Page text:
One city contractor halts clearing of traffic circles "until further notice."
State certifies that it expects the mine won't violate surface water quality standards.
Regulators certify that the proposed mine won't violate water quality standards.
For years, Dunbar Spring residents living northwest of Downtown say, they've planted and nurtured native trees and shrubs in traffic circles and islands on their streets.
While the debate over rainwater harvesting in Tucson goes on and on, drought-stricken Los Angeles is considering a stormwater capture plan far more ambitious than anything being looked at here.
The earth's crust is rising faster in central Iceland each year, thanks to the accelerated retreat of melting glaciers from global warming, says a new study led by University of Arizona researchers.
More volcanoes could occur if ice keeps melting and ground keeps rising.
Where golfers once tossed discs into baskets, the Santa Cruz River now flows.
Report is blasted by the mining company but generally praised by Patagonia town manager.
Wyoming says procedure can increase snowfall by 5 to 15 percent.
Neighbors aren't happy with Materion's plan to replace outside air monitoring network.
But environmentalists and ranchers aren't happy with the new federal guidelines.
Court hearing over permit issued by ADEQ to allow mine to operate.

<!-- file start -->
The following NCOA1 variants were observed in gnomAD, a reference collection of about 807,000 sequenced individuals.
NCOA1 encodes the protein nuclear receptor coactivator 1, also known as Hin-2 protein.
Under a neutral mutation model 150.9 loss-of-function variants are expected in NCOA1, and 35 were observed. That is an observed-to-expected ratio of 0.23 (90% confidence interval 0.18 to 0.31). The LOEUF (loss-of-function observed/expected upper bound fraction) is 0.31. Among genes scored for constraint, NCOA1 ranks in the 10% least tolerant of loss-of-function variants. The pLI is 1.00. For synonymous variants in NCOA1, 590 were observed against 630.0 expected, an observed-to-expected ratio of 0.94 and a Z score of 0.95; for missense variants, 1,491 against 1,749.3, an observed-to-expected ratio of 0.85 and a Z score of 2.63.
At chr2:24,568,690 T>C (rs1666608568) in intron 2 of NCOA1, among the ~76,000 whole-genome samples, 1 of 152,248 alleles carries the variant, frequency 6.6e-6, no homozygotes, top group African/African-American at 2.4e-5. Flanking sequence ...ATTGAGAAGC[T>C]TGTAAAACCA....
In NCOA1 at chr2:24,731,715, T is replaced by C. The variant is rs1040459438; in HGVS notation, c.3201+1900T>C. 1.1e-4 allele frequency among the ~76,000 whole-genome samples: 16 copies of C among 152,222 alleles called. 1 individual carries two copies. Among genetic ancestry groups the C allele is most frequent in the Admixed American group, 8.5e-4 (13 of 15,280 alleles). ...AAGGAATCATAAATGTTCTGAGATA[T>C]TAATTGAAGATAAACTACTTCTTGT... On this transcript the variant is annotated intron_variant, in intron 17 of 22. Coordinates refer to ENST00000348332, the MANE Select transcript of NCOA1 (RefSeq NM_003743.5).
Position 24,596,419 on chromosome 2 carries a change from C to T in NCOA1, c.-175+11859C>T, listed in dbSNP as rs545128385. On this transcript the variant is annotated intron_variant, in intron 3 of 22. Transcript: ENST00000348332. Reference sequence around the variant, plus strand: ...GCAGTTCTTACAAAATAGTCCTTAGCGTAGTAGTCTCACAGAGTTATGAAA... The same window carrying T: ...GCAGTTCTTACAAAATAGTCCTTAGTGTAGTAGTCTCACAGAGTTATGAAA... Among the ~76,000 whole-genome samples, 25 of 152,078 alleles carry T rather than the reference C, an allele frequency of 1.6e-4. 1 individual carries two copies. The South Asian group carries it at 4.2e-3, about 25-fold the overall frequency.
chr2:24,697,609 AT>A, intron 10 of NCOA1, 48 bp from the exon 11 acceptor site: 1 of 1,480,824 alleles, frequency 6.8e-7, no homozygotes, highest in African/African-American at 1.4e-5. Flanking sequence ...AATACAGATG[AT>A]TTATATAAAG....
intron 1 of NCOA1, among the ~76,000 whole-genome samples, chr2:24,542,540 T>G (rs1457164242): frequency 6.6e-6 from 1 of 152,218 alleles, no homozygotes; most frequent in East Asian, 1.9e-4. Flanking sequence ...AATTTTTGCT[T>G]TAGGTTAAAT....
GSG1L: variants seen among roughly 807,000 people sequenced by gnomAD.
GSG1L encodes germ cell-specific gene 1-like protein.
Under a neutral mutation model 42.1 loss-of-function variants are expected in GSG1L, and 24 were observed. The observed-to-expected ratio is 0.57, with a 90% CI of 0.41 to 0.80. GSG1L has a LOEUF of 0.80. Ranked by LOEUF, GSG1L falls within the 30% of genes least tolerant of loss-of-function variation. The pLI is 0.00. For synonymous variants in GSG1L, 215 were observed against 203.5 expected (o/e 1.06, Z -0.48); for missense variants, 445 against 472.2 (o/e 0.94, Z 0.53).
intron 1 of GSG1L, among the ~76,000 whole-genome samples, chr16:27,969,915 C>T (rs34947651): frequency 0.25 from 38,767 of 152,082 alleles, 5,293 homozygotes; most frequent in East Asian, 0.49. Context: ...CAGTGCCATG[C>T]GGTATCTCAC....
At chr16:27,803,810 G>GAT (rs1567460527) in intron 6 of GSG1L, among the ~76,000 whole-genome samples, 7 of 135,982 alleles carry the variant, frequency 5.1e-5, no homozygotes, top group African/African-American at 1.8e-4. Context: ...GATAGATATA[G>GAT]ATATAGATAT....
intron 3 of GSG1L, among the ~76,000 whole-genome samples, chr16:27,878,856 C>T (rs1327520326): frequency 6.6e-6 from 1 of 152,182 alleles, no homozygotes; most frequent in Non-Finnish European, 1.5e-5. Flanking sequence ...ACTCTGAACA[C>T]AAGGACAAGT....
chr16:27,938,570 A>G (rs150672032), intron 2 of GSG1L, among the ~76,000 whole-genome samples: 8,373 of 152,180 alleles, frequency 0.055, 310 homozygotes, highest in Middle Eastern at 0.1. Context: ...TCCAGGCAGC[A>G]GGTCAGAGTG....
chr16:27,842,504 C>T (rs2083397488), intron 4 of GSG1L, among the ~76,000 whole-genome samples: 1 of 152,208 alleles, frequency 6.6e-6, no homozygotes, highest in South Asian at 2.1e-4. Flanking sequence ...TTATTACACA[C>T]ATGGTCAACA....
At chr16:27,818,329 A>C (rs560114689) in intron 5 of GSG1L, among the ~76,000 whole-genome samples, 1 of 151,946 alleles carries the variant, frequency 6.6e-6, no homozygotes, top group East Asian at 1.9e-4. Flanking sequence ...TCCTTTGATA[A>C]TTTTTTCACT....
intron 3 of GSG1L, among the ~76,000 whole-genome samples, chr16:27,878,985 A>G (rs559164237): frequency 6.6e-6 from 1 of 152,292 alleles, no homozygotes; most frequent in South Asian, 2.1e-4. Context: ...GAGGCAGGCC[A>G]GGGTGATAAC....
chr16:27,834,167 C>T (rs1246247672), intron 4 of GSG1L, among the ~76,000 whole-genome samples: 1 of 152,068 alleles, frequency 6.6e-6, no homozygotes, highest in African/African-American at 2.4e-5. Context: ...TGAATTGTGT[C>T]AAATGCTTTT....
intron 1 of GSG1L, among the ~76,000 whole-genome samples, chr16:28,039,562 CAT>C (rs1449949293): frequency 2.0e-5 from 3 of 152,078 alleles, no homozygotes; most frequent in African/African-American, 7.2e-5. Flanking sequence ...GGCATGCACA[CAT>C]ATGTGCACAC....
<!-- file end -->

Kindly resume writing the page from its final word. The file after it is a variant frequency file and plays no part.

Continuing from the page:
Four of six warmest years on record have occurred since 2009.
No climate scientist worth his acidifying sea salt will speculate on whether one year of record warm weather is due to global warming or other forces of human-caused climate change.
While the first shortage of the Central Arizona Project has been delayed a couple of years by a groundbreaking, three-state water conservation agreement, New Mexico's San Juan-Chama water diversion project, which serves farmers and the city of Albuquerque, wasn't so lucky.
Levels were "way above any standards," says Geological Survey hydrologist.
In today's Star, I have an article looking at some of the real and potential environmental impacts of the recent implosion in gasoline prices in Tucson, all of Arizona and across the U.S.: more driving, more SUV sales and more suburban sprawl.
Early hints at potential environmental drawbacks are appearing.
Levels of iron that created orange runoff from two old Patagonia-area mines this fall (September-October 2014) were very high, "way above any standards," says a federal scientist.
One of the more remarkable accomplishments in the new three-state water agreement to backstop the declining Lake Mead was California's very presence in the negotations.
But agreement delays CAP shortages by just a couple of years.
Vegetation greened up from Mexican border down to the Sea of Cortez.
A burst of new water this spring transformed the Colorado River Delta from a mud flat into a burgeoning green belt, photos and satellite images show.
Still uncertain why they are here, if climate change is a factor.
Neighbors near closed ranch are drawing from steadily declining private wells.